This isn't the only way of dealing with Slow Tests; see the sidebar Faster Tests Without Shared Fixtures (page X) for other strategies.

Managing Shared Fixtures

Managing Shared Fixtures has a lot in common with managing persistent Fresh Fixtures except that we deliberately choose not to tear the fixture down after every test so that we can reuse it in subsequent tests. This implies two things. First, we must be able to access the fixture in the other tests and second, we must have a way of triggering the construction of the fixture and the tear down of it as well.

Sketch Shared Fixture embedded from Shared Fixture.gif

Fig. X: A Shared Fixture with two Test Methods that share it.

A Shared Fixture is set up once and used by two or more tests which may interact, either deliberately or accidently, as a result. Note the lack of a fixture setup phase of the second test.

Accessing Shared Fixtures

Regardless of how and when we choose to build the Shared Fixture, the tests need a way to find the test fixture they are to reuse. The choices available to us depend on the nature of the fixture. When the fixture is stored in a database (the most common usage of a Shared Fixture), tests may access it directly without having direct references to the fixture objects as long as they know about the database. There may be a temptation to use Hard-Coded Value (see Literal Value on page X) in database lookups to access the fixture objects. This is almost always a bad idea because it leads to a close coupling between tests and the fixture implementation as well as having poor documentation value (Obscure Test (page X).) We can avoid these issues by using Finder Method (see Test Utility Method) with Intent Revealing Names[SBPP] to access the fixture. These Finder Methods may have a very similar signature to Creation Methods but they return references to existing fixture objects rather than building brand new ones.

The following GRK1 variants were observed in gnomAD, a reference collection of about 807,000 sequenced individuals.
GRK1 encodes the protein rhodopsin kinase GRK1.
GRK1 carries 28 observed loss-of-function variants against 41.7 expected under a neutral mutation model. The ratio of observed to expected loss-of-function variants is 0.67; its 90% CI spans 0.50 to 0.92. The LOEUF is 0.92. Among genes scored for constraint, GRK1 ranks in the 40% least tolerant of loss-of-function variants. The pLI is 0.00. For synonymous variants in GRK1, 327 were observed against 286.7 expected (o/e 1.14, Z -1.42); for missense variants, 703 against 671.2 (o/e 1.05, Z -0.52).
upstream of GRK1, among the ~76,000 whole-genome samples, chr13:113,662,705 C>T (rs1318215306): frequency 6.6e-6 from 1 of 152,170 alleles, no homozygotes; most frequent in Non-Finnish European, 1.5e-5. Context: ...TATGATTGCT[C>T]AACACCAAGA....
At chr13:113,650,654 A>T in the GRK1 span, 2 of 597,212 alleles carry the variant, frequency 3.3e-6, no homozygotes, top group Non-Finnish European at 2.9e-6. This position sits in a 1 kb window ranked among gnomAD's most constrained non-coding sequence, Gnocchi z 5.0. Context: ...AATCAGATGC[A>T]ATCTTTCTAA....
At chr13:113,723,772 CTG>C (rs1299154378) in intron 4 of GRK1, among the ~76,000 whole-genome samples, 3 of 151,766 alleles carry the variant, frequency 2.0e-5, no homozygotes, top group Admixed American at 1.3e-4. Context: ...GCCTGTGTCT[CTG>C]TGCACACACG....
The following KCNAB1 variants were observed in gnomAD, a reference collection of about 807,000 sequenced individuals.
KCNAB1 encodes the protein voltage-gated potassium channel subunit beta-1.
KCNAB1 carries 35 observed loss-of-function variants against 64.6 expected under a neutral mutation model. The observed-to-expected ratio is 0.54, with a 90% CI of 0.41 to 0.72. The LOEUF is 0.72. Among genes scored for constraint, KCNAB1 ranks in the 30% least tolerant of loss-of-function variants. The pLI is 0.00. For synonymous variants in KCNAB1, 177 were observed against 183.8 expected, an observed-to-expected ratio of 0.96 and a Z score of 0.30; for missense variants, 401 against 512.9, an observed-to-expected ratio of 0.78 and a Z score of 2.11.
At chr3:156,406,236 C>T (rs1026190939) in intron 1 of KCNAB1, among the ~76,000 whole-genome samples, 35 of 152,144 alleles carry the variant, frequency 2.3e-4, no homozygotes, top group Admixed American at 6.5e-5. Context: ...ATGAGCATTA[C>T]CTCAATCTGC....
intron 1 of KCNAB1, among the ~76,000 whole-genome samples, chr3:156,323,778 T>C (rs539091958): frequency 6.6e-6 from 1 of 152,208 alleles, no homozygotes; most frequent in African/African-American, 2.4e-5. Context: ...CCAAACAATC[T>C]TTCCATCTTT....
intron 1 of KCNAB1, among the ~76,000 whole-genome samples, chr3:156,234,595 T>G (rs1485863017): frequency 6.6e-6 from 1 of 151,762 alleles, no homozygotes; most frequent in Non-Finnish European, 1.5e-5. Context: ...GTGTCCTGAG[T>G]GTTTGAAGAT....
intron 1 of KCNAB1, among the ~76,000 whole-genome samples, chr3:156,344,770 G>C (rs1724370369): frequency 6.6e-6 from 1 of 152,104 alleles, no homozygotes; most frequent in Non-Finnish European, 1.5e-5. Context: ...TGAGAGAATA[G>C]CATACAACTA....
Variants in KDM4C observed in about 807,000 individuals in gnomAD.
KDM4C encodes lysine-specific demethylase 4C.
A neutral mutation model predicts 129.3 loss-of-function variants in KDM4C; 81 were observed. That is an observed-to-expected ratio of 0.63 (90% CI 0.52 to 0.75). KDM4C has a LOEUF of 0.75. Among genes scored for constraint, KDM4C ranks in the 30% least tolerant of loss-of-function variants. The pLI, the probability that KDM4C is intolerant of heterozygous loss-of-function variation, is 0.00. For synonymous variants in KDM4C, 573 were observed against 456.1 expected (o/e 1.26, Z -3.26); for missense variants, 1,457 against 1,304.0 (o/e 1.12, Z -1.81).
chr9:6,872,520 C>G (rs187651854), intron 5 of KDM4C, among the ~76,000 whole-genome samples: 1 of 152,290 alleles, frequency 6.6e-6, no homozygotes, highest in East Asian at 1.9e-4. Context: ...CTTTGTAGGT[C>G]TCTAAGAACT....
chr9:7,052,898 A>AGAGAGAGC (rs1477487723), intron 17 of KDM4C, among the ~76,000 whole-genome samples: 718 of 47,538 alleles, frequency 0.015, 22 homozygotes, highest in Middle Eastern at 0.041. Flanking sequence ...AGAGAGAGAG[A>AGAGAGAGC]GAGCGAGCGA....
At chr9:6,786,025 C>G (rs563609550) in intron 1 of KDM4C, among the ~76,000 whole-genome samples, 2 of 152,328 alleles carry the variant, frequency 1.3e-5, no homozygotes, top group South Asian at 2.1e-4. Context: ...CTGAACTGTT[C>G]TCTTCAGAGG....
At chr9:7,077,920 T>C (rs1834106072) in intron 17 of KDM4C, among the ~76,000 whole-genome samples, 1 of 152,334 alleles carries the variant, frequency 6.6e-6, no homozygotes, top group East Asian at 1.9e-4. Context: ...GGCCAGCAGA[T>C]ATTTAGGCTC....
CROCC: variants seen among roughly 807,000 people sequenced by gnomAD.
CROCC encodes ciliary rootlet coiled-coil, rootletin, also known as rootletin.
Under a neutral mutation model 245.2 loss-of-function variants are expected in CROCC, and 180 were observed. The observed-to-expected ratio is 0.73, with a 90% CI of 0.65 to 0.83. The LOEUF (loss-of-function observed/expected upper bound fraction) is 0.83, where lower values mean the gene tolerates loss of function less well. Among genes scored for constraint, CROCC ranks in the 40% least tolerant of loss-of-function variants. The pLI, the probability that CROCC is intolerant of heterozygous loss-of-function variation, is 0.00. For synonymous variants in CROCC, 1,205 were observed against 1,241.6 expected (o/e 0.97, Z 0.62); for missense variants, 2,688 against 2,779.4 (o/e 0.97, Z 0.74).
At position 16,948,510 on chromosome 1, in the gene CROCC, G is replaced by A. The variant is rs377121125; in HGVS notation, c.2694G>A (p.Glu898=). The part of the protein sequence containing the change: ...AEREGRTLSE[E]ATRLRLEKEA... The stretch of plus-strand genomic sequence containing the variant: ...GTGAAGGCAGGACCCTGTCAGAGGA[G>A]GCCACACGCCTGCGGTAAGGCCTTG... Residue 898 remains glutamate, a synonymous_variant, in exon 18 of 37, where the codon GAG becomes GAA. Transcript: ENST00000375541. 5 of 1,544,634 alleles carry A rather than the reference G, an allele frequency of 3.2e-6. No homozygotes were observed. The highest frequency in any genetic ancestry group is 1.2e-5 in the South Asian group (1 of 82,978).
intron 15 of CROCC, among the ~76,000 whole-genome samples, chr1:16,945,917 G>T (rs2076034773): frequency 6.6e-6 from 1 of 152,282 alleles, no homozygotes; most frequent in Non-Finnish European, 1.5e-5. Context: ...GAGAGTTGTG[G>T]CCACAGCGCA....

We have a range of possible solutions when the fixture is stored in memory. If all the tests that need to share the fixture are in the same Testcase Class, we can use a fixture holding class variable to hold the reference to the fixture. As long as we give the variable an Intent Revealing Name, the test reader should be able to understand the preconditions of the test. Another alternative is to use a Finder Method.

If we need to share the fixture across many Testcase Classes, we have to use more sophisticated techniques. We could, of course, let one class declare the fixture holding class variable and have the other tests access the fixture via that variable but this may create unnecessary coupling between the tests. Another alternative is to move the declaration to a well known object, a Test Fixture Registry (see Test Helper on page X). This Registry[PEAA] object could be something like a test database or it can merely be a class. It can expose various parts of a fixture via discrete fixture holding class variables or via Finder Methods. When the Test Fixture Registry has only Finder Methods that know how to access the objects but don't hold references to them, we call it a Test Helper.

Triggering Shared Fixture Construction

For a test fixture to be shared, it must be built before any Test Method needs it. This could be as late as right before the Test Method's logic is run, just before the entire test suite is run, or at some time earlier. This leads us to the basic patterns of Shared Fixture creation.